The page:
The only moment Harrison felt he didn’t know his grandfather was as the man lay dying, turned on one side to ease his last breaths. It was past midnight in the small farmhouse just outside Wilmington, Illinois, and Harrison had taken what everyone expected was the last shift of watching John Ulysses Miller as he died from old age and failing lungs.
“Harrison,” his grandfather told him, “I need you to hold onto this.” He pressed into his grandson’s palm the ring he’d worn for as long as anyone could remember: a broad silver ring with a bright blue stone. The stone’s facets shimmered in the light from the oil lamp that stood vigil at the bedside, burning now for six days straight.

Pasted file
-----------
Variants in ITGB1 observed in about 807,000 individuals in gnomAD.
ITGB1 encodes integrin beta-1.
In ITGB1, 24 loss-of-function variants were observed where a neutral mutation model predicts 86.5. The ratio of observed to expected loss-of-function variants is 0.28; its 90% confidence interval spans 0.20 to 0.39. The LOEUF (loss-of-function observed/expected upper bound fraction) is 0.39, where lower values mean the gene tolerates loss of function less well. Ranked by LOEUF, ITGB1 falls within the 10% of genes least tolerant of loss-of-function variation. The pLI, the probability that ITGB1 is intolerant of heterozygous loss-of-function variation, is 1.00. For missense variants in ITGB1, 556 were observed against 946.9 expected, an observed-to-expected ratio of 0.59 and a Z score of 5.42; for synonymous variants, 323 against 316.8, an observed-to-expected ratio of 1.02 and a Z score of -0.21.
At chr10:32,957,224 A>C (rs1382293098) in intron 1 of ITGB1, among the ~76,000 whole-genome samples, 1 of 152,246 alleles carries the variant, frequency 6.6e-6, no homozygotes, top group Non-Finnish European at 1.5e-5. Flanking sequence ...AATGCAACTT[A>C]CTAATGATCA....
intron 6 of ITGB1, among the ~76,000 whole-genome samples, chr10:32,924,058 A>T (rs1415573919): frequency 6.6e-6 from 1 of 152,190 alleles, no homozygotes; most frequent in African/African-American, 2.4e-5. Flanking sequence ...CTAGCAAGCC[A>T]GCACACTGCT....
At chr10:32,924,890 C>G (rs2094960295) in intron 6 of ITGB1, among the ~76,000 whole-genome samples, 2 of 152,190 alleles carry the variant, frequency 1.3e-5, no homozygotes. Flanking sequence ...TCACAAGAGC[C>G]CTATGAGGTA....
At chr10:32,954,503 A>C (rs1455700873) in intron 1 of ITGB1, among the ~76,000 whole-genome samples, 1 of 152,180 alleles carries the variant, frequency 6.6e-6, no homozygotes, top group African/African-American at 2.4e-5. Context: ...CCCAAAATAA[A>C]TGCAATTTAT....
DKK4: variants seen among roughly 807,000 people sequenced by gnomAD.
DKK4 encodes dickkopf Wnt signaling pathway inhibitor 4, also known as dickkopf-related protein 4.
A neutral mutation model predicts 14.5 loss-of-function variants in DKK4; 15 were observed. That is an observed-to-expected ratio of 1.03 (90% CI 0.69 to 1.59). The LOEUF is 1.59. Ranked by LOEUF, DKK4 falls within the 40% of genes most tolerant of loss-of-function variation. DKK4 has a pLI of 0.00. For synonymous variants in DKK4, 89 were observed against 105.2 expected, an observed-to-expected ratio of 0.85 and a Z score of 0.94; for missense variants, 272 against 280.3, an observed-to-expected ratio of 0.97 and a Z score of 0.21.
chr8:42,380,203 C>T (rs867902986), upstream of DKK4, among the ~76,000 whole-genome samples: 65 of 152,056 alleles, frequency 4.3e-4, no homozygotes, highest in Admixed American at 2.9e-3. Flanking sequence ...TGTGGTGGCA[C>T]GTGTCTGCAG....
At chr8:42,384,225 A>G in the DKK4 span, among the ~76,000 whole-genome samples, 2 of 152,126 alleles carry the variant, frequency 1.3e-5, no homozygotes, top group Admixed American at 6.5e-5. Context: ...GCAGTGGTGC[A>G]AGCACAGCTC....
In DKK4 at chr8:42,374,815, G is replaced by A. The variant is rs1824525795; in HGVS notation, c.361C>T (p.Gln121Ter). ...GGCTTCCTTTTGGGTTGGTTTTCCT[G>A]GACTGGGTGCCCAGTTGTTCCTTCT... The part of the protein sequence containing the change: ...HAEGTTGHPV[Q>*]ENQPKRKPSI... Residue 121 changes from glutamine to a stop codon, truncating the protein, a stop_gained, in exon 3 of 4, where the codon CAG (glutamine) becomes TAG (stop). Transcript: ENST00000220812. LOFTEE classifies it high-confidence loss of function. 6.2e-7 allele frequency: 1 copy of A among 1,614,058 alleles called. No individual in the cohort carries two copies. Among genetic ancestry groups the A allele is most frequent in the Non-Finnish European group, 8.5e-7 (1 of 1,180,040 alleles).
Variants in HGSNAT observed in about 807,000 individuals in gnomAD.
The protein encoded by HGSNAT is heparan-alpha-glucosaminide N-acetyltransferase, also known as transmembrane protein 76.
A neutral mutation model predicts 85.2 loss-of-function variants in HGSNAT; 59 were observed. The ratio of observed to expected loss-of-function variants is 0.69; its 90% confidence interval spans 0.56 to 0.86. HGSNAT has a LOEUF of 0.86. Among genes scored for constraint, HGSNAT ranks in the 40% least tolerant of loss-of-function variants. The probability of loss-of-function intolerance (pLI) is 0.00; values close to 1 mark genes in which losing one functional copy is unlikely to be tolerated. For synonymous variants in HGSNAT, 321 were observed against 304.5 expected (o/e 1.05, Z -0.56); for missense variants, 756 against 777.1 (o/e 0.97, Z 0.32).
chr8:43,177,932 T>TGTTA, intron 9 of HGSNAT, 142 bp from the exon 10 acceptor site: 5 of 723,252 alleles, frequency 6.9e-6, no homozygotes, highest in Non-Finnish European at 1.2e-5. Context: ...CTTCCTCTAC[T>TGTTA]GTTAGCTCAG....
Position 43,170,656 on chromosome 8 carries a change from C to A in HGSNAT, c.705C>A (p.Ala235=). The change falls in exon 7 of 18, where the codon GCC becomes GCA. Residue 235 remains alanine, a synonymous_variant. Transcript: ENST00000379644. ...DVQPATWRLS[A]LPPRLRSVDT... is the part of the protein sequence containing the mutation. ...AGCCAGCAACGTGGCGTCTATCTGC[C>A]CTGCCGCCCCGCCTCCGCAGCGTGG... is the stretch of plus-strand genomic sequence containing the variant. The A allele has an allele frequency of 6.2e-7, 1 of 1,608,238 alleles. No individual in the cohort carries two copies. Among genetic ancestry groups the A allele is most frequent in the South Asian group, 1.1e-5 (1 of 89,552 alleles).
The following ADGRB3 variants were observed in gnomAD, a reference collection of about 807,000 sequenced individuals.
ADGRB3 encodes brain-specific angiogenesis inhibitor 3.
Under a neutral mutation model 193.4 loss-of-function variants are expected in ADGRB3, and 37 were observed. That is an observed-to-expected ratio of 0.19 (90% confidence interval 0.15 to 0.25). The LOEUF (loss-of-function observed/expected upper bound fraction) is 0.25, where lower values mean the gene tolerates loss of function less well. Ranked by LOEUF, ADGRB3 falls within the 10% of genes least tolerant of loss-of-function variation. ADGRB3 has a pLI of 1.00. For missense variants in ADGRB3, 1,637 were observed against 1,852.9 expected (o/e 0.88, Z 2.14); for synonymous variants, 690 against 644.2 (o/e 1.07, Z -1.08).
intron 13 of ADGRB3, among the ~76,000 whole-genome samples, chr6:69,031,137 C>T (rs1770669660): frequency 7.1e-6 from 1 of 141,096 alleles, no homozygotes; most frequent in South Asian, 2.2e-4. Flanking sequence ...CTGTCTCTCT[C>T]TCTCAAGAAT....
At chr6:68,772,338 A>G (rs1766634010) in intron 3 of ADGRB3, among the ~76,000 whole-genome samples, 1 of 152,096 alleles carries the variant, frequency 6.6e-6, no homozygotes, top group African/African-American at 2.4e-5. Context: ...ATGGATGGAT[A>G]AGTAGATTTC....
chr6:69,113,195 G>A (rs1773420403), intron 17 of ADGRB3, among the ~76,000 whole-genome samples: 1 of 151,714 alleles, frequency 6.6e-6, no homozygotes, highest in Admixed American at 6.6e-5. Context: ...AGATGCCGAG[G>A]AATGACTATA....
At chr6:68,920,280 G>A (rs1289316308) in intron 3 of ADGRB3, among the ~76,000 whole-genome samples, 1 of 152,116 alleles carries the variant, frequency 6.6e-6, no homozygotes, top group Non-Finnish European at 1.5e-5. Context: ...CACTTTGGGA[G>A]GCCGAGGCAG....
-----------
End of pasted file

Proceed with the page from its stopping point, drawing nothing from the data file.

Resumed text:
“What’s so special about it?” Harrison asked, but his grandfather shook his head, as always.
“You don’t need to know. Just keep it safe. A young woman, Katie, will come for it."